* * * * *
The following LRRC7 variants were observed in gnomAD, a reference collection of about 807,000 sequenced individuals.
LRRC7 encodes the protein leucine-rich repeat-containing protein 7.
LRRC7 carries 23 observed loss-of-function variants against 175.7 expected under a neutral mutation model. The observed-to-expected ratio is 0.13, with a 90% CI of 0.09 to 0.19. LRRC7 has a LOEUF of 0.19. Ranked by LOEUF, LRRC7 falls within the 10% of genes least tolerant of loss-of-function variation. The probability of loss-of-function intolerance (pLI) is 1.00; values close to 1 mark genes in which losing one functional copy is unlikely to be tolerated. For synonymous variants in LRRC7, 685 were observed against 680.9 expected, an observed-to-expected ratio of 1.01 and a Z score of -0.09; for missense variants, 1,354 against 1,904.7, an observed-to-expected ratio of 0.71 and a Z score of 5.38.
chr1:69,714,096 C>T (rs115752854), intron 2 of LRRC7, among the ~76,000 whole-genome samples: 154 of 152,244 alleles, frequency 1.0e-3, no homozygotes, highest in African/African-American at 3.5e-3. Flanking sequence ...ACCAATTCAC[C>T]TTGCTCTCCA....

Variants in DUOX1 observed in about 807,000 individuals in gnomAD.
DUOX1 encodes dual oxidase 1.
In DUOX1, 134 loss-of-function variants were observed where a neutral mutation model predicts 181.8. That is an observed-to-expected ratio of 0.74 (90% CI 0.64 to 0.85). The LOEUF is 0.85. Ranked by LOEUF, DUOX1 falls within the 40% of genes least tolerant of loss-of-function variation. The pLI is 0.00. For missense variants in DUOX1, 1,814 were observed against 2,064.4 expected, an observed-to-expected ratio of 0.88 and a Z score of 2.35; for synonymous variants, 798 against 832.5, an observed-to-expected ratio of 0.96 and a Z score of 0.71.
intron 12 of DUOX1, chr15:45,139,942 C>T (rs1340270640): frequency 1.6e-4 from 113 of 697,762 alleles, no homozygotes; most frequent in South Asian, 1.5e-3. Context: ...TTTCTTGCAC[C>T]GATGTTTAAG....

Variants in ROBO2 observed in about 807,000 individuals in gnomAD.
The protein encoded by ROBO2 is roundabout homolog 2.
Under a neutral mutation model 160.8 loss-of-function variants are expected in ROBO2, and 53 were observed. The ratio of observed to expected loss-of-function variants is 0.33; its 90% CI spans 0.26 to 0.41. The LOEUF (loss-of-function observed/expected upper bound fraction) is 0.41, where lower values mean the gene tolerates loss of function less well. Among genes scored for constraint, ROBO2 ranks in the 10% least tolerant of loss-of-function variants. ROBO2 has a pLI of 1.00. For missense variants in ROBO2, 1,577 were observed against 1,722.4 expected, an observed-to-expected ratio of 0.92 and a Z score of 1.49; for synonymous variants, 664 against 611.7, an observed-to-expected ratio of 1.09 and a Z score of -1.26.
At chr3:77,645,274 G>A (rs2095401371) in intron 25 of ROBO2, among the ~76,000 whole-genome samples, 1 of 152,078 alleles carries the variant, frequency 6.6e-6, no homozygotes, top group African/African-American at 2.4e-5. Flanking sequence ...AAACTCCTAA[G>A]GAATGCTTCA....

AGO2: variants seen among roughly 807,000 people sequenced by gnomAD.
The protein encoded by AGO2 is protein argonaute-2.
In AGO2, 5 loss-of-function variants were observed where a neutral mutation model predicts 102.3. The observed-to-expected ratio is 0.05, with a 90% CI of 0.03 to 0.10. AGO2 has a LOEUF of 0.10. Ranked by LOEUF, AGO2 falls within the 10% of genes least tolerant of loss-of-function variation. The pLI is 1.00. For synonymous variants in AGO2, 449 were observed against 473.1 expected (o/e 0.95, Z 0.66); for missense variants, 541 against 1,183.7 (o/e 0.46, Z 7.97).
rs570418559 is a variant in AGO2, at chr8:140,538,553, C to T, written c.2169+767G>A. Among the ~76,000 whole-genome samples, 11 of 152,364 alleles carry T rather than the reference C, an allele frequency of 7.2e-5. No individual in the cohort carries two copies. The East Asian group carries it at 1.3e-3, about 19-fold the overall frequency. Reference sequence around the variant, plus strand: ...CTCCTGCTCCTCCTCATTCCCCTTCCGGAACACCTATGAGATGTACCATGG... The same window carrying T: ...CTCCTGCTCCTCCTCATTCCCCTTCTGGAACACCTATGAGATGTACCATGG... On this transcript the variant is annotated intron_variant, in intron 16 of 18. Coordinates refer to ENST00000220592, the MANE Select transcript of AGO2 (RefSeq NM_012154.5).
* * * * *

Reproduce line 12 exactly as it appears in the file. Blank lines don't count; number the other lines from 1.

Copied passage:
At chr3:77,645,274 G>A (rs2095401371) in intron 25 of ROBO2, among the ~76,000 whole-genome samples, 1 of 152,078 alleles carries the variant, frequency 6.6e-6, no homozygotes, top group African/African-American at 2.4e-5. Flanking sequence ...AAACTCCTAA[G>A]GAATGCTTCA....